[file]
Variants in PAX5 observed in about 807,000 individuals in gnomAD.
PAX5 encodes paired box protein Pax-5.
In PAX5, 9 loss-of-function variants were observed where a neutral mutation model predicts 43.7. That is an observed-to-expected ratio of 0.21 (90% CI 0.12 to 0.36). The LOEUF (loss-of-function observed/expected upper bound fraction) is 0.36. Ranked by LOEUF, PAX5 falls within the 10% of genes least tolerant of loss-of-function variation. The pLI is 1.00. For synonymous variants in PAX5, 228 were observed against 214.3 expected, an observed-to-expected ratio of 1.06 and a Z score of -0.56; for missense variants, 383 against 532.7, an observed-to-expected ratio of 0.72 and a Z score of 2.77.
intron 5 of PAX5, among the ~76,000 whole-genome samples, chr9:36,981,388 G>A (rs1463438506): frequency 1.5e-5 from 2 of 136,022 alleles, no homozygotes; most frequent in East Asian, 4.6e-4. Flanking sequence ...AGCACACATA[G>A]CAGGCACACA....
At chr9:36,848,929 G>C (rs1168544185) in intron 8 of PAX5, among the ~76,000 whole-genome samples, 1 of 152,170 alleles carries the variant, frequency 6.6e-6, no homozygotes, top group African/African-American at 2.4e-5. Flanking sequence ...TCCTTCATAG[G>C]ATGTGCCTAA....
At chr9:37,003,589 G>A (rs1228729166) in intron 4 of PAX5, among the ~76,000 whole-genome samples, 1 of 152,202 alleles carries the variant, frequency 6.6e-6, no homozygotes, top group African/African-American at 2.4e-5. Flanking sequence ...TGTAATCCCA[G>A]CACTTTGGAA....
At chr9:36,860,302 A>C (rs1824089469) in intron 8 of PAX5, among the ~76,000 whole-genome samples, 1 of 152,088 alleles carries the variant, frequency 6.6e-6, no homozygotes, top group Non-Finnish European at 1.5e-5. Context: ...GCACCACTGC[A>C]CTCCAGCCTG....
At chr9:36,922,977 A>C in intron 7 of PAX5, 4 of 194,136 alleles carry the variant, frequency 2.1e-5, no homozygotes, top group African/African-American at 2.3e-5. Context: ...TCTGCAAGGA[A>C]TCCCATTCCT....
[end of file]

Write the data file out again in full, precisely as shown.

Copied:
Variants in PAX5 observed in about 807,000 individuals in gnomAD.
PAX5 encodes paired box protein Pax-5.
In PAX5, 9 loss-of-function variants were observed where a neutral mutation model predicts 43.7. That is an observed-to-expected ratio of 0.21 (90% CI 0.12 to 0.36). The LOEUF (loss-of-function observed/expected upper bound fraction) is 0.36. Ranked by LOEUF, PAX5 falls within the 10% of genes least tolerant of loss-of-function variation. The pLI is 1.00. For synonymous variants in PAX5, 228 were observed against 214.3 expected, an observed-to-expected ratio of 1.06 and a Z score of -0.56; for missense variants, 383 against 532.7, an observed-to-expected ratio of 0.72 and a Z score of 2.77.
intron 5 of PAX5, among the ~76,000 whole-genome samples, chr9:36,981,388 G>A (rs1463438506): frequency 1.5e-5 from 2 of 136,022 alleles, no homozygotes; most frequent in East Asian, 4.6e-4. Flanking sequence ...AGCACACATA[G>A]CAGGCACACA....
At chr9:36,848,929 G>C (rs1168544185) in intron 8 of PAX5, among the ~76,000 whole-genome samples, 1 of 152,170 alleles carries the variant, frequency 6.6e-6, no homozygotes, top group African/African-American at 2.4e-5. Flanking sequence ...TCCTTCATAG[G>C]ATGTGCCTAA....
At chr9:37,003,589 G>A (rs1228729166) in intron 4 of PAX5, among the ~76,000 whole-genome samples, 1 of 152,202 alleles carries the variant, frequency 6.6e-6, no homozygotes, top group African/African-American at 2.4e-5. Flanking sequence ...TGTAATCCCA[G>A]CACTTTGGAA....
At chr9:36,860,302 A>C (rs1824089469) in intron 8 of PAX5, among the ~76,000 whole-genome samples, 1 of 152,088 alleles carries the variant, frequency 6.6e-6, no homozygotes, top group Non-Finnish European at 1.5e-5. Context: ...GCACCACTGC[A>C]CTCCAGCCTG....
At chr9:36,922,977 A>C in intron 7 of PAX5, 4 of 194,136 alleles carry the variant, frequency 2.1e-5, no homozygotes, top group African/African-American at 2.3e-5. Context: ...TCTGCAAGGA[A>C]TCCCATTCCT....